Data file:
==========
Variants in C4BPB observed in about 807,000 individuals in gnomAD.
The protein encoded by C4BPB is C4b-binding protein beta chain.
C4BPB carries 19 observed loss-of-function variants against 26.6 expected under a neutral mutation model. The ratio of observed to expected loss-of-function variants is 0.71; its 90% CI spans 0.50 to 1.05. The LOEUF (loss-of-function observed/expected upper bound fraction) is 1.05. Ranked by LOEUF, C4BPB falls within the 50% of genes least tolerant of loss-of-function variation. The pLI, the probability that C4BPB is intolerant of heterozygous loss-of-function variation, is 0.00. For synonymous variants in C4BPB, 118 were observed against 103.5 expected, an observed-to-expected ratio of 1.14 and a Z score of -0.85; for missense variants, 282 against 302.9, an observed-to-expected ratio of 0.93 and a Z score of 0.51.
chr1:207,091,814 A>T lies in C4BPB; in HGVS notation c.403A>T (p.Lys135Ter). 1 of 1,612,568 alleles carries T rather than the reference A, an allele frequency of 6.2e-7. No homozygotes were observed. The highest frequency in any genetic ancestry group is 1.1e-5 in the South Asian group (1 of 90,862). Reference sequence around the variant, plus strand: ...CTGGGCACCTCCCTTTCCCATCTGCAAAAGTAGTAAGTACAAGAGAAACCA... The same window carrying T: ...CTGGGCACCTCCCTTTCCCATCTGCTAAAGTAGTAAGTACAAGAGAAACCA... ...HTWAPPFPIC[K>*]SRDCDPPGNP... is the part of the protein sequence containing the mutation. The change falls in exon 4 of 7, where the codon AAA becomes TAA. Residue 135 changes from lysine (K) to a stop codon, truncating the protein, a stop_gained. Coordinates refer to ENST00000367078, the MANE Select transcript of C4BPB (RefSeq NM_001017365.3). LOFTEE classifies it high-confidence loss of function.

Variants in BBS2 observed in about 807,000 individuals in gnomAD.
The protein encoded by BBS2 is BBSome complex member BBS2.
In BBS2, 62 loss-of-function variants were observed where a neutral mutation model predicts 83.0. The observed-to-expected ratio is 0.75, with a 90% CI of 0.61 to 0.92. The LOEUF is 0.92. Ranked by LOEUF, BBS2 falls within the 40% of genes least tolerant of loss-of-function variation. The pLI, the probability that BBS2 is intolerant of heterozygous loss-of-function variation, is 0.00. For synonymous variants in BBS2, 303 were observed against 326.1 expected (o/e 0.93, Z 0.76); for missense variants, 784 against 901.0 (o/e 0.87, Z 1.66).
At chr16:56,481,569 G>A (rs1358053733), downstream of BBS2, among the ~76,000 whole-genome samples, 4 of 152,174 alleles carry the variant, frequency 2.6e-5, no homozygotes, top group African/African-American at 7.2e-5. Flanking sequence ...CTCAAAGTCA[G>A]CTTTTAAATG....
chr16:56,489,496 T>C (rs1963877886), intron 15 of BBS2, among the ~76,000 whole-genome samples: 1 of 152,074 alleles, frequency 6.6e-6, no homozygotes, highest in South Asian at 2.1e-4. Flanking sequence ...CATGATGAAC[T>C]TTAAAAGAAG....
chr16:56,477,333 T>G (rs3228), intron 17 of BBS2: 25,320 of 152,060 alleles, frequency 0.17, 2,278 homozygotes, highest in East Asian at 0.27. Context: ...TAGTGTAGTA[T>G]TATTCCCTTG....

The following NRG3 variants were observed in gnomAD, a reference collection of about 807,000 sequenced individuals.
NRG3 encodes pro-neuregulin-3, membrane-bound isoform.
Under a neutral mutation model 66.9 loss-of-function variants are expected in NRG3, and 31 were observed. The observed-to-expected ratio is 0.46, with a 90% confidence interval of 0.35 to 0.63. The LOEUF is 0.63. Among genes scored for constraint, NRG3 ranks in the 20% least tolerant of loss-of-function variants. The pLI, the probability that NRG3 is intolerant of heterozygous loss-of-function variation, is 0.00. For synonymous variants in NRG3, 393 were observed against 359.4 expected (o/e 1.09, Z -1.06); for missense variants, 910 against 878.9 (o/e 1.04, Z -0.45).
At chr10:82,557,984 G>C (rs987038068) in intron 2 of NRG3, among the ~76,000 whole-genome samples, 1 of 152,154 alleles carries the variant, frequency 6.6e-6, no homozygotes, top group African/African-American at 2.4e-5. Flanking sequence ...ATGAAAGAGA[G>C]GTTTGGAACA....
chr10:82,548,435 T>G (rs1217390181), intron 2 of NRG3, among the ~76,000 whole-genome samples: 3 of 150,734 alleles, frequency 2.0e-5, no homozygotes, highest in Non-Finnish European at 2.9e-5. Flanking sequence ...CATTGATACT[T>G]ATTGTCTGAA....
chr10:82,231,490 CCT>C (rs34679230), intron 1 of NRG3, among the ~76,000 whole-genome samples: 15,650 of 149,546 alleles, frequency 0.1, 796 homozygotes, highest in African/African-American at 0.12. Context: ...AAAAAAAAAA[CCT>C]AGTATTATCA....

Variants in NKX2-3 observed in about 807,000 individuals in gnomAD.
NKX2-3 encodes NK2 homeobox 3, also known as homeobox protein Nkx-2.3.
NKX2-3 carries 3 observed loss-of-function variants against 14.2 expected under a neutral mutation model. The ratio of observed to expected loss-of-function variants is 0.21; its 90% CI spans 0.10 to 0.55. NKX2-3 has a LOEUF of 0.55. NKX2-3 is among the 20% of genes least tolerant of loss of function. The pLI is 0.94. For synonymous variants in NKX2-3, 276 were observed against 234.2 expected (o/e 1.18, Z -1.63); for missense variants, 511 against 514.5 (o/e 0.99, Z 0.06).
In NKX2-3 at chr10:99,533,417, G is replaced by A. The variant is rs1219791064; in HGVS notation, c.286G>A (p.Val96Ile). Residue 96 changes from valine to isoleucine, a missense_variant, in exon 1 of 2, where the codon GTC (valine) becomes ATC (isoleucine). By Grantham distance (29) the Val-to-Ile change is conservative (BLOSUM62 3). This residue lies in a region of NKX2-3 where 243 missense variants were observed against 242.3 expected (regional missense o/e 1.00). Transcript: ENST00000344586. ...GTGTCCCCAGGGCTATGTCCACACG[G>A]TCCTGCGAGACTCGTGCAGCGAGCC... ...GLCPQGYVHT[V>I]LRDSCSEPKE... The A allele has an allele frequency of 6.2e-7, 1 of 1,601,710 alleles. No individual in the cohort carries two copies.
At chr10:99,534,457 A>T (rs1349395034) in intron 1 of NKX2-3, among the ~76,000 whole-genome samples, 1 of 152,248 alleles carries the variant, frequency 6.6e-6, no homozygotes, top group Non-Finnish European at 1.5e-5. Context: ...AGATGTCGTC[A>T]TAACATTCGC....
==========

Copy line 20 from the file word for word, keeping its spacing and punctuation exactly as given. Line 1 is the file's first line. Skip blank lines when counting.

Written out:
In NKX2-3 at chr10:99,533,417, G is replaced by A. The variant is rs1219791064; in HGVS notation, c.286G>A (p.Val96Ile). Residue 96 changes from valine to isoleucine, a missense_variant, in exon 1 of 2, where the codon GTC (valine) becomes ATC (isoleucine). By Grantham distance (29) the Val-to-Ile change is conservative (BLOSUM62 3). This residue lies in a region of NKX2-3 where 243 missense variants were observed against 242.3 expected (regional missense o/e 1.00). Transcript: ENST00000344586. ...GTGTCCCCAGGGCTATGTCCACACG[G>A]TCCTGCGAGACTCGTGCAGCGAGCC... ...GLCPQGYVHT[V>I]LRDSCSEPKE... The A allele has an allele frequency of 6.2e-7, 1 of 1,601,710 alleles. No individual in the cohort carries two copies.